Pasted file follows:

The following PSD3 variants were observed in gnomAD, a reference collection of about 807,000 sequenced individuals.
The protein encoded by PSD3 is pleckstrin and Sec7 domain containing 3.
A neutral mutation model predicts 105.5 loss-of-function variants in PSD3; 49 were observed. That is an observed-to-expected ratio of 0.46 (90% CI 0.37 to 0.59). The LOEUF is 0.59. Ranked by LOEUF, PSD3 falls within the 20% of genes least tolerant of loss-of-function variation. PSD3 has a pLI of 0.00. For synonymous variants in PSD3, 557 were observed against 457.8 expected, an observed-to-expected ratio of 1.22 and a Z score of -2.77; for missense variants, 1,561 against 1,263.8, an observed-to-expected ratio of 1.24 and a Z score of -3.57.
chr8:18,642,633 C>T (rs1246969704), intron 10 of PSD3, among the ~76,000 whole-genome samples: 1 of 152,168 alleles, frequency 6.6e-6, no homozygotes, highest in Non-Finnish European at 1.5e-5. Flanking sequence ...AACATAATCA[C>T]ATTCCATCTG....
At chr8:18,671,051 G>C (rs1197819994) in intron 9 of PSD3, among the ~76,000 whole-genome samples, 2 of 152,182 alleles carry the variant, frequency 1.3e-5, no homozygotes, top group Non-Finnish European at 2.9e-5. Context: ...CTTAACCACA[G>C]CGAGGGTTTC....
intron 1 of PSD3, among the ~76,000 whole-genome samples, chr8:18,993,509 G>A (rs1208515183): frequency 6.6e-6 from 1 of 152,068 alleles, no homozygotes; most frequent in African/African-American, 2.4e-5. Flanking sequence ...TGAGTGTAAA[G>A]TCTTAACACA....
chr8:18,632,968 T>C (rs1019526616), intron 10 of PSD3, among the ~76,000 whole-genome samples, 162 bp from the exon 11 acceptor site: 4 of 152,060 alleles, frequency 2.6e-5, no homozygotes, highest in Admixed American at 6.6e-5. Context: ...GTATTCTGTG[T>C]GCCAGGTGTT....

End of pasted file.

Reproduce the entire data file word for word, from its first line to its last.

The following PSD3 variants were observed in gnomAD, a reference collection of about 807,000 sequenced individuals.
The protein encoded by PSD3 is pleckstrin and Sec7 domain containing 3.
A neutral mutation model predicts 105.5 loss-of-function variants in PSD3; 49 were observed. That is an observed-to-expected ratio of 0.46 (90% CI 0.37 to 0.59). The LOEUF is 0.59. Ranked by LOEUF, PSD3 falls within the 20% of genes least tolerant of loss-of-function variation. PSD3 has a pLI of 0.00. For synonymous variants in PSD3, 557 were observed against 457.8 expected, an observed-to-expected ratio of 1.22 and a Z score of -2.77; for missense variants, 1,561 against 1,263.8, an observed-to-expected ratio of 1.24 and a Z score of -3.57.
chr8:18,642,633 C>T (rs1246969704), intron 10 of PSD3, among the ~76,000 whole-genome samples: 1 of 152,168 alleles, frequency 6.6e-6, no homozygotes, highest in Non-Finnish European at 1.5e-5. Flanking sequence ...AACATAATCA[C>T]ATTCCATCTG....
At chr8:18,671,051 G>C (rs1197819994) in intron 9 of PSD3, among the ~76,000 whole-genome samples, 2 of 152,182 alleles carry the variant, frequency 1.3e-5, no homozygotes, top group Non-Finnish European at 2.9e-5. Context: ...CTTAACCACA[G>C]CGAGGGTTTC....
intron 1 of PSD3, among the ~76,000 whole-genome samples, chr8:18,993,509 G>A (rs1208515183): frequency 6.6e-6 from 1 of 152,068 alleles, no homozygotes; most frequent in African/African-American, 2.4e-5. Flanking sequence ...TGAGTGTAAA[G>A]TCTTAACACA....
chr8:18,632,968 T>C (rs1019526616), intron 10 of PSD3, among the ~76,000 whole-genome samples, 162 bp from the exon 11 acceptor site: 4 of 152,060 alleles, frequency 2.6e-5, no homozygotes, highest in Admixed American at 6.6e-5. Context: ...GTATTCTGTG[T>C]GCCAGGTGTT....